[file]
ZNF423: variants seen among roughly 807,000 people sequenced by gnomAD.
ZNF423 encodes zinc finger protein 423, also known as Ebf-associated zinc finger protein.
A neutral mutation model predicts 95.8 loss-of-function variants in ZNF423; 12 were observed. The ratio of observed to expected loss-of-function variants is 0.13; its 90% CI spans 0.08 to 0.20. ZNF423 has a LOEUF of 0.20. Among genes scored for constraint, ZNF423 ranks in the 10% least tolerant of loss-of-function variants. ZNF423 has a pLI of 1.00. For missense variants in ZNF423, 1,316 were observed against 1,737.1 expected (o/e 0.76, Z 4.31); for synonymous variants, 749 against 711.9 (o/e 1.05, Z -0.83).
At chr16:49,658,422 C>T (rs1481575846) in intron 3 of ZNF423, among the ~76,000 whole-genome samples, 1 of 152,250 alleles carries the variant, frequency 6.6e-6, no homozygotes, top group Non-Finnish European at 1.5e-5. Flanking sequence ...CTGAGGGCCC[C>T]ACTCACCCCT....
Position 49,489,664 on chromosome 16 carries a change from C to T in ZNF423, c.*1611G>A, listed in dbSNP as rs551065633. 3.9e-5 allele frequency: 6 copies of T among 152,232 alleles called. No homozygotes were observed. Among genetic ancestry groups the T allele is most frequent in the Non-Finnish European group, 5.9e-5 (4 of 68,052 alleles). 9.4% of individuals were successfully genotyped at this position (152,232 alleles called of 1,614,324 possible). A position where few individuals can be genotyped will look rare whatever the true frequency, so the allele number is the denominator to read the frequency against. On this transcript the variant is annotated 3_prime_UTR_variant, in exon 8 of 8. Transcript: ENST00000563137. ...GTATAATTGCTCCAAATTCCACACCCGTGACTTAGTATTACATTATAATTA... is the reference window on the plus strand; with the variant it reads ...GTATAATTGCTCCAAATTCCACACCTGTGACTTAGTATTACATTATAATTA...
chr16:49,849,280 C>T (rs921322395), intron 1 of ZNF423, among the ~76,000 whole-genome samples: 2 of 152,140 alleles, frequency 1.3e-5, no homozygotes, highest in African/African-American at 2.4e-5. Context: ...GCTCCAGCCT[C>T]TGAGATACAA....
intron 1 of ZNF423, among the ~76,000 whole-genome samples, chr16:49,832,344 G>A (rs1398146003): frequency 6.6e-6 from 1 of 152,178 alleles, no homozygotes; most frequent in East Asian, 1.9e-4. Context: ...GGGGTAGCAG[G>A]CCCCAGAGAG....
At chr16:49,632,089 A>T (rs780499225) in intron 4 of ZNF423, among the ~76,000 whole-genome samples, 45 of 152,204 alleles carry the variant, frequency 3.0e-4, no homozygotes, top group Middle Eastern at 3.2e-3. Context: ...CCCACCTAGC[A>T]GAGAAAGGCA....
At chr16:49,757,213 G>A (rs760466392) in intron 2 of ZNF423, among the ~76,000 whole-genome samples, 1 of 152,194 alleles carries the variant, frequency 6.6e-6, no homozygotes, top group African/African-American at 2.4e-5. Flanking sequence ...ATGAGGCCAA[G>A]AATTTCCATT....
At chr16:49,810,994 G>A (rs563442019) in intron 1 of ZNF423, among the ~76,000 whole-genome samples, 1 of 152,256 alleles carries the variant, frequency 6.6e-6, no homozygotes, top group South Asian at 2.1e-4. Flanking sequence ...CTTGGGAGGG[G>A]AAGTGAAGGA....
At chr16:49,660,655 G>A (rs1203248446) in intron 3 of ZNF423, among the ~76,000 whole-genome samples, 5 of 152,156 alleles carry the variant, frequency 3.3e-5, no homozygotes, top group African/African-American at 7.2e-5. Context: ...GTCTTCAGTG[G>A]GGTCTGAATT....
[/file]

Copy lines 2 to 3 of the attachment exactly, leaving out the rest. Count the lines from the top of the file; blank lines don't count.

ZNF423 encodes zinc finger protein 423, also known as Ebf-associated zinc finger protein.
A neutral mutation model predicts 95.8 loss-of-function variants in ZNF423; 12 were observed. The ratio of observed to expected loss-of-function variants is 0.13; its 90% CI spans 0.08 to 0.20. ZNF423 has a LOEUF of 0.20. Among genes scored for constraint, ZNF423 ranks in the 10% least tolerant of loss-of-function variants. ZNF423 has a pLI of 1.00. For missense variants in ZNF423, 1,316 were observed against 1,737.1 expected (o/e 0.76, Z 4.31); for synonymous variants, 749 against 711.9 (o/e 1.05, Z -0.83).